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Meet The Bengal

February 15 2022

It’s been a few days since our Rams won the Super Bowl, but fans are still celebrating. As you may know, the Cincinnati team was named after the Bengal tiger, a fierce and beautiful feline. However, there’s also a smaller kitty that bears the Bengal name. A Rancho Santa Fe, CA vet discusses this lovable furball below.


The Bengal is a combination of a few different breeds, but are mostly a mix of domestic cats and the Asian Leopard Cat. Fluffy’s origins date back to the 60’s, at which time Dr. Willard Centerwall, a pediatrician, began experimenting with cat breeding. He found that the kitties were naturally immune to feline leukemia, and was hoping to make progress with battling leukemia in humans. Unfortunately, his health declined, so he passed some kitties on to a lady named Jean Mill. She wanted a kitty with the looks of an exotic wildcat and the size and purrsonality of the average domestic housecat. Achievement unlocked!

The Bengal breed was recognized by the International Cat Association in 1983, but didn’t make it onto the Cat Fanciers Association roster until 2016. Kitties must be at least four generations away from the Asian Leopard Cat to be officially considered Bengals.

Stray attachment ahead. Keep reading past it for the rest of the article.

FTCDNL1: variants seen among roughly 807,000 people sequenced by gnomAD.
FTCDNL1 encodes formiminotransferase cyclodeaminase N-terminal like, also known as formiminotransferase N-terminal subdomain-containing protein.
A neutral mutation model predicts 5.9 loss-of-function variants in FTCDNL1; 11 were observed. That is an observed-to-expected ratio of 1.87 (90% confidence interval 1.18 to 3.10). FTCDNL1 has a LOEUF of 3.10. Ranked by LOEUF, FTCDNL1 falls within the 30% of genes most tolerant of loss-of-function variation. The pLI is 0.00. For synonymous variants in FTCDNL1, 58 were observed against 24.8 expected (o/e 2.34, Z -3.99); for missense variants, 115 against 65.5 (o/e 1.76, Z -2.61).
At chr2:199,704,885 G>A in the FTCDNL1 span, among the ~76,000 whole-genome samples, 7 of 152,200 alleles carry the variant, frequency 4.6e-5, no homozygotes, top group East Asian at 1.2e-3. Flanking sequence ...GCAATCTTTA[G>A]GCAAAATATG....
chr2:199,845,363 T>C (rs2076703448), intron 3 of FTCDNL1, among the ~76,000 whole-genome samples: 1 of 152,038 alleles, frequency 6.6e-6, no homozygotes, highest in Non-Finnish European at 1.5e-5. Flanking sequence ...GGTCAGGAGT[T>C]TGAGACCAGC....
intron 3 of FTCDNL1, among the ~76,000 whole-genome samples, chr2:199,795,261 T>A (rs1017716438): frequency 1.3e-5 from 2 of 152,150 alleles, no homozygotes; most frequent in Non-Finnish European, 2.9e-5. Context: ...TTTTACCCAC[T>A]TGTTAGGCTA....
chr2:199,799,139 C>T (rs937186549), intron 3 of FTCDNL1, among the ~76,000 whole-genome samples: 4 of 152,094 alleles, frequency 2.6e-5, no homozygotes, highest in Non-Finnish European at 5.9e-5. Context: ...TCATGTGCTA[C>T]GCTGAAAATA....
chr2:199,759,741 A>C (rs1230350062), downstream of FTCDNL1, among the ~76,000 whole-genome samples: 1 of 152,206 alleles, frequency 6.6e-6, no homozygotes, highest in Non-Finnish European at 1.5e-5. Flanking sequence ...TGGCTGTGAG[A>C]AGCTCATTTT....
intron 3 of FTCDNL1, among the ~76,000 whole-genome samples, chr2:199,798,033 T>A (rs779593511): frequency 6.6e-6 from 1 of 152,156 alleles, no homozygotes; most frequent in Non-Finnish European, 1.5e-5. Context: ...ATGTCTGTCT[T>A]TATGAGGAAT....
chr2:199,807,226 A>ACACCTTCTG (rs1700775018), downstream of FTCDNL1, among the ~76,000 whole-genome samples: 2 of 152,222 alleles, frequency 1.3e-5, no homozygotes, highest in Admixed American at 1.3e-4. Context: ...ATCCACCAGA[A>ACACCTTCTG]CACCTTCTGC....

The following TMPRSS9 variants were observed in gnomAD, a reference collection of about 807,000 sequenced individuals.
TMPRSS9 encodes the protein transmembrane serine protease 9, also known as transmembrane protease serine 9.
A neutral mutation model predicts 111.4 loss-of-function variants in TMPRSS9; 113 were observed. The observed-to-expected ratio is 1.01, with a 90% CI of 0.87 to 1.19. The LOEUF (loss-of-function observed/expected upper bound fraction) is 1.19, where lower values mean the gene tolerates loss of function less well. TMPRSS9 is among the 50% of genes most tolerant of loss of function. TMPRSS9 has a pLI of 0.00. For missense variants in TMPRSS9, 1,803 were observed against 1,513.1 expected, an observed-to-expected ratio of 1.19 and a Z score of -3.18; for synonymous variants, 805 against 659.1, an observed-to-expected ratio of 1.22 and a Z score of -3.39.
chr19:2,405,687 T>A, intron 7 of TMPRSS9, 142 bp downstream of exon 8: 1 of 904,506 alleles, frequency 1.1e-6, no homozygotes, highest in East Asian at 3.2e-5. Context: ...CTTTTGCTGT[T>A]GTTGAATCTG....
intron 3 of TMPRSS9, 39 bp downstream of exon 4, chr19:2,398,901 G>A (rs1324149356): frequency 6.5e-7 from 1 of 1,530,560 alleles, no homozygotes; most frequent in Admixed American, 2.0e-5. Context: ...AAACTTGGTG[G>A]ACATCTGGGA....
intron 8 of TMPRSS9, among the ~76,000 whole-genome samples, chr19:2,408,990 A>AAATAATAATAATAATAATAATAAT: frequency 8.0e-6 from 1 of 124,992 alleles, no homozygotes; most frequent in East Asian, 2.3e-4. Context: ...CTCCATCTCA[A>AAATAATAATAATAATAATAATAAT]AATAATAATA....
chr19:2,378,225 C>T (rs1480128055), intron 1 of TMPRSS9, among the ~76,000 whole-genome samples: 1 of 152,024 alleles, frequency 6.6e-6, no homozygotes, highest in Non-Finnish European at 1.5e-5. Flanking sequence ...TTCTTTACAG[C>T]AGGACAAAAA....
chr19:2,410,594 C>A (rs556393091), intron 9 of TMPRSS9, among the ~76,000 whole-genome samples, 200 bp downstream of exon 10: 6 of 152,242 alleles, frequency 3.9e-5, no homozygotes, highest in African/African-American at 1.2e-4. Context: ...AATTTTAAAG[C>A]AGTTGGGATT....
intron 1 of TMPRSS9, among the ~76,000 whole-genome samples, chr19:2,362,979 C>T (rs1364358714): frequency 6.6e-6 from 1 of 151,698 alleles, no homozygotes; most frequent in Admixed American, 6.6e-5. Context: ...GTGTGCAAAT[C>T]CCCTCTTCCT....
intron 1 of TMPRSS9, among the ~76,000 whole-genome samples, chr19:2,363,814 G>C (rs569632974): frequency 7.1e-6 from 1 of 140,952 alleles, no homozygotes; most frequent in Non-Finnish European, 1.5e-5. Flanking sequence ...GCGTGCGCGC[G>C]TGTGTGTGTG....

Fluffy can wear one of four pretty coat patterns: ticked, mackerel, blotched, and spotted. Most Bengal kitties have black and brown fur, but they come in several different colors, including gray, silver, and charcoal. There are even blue Bengals, though they are quite rare. Another cool thing about Bengals? Some of their coats glitter in the sun. It’s worth noting that, while most Bengals are about the size of the average housecat, they can get quite large. Some of the males weigh up to 20 pounds!


Bengal cats are curious, charismatic, and playful. These mischievous kitties have some very unique traits. For one thing, they like to retrieve things. Unlike most of our feline pals, they actually enjoy playing in water. Bengals are also known for being vocal and opinionated, as well as mischievous. They have a strong prey drive, and basically act like tiny, affectionate Bengal tigers. Don’t worry, though: while Fluffy may be a handful as a kitten, she should outgrow most of her zoomies by the time she’s three or four.

Do you need advice or have concerns about your cat’s health or well-being? Don’t hesitate to reach out to us, your trusted Rancho Santa Fe, CA, veterinary specialist. Contact our animal clinic today for expert guidance and care.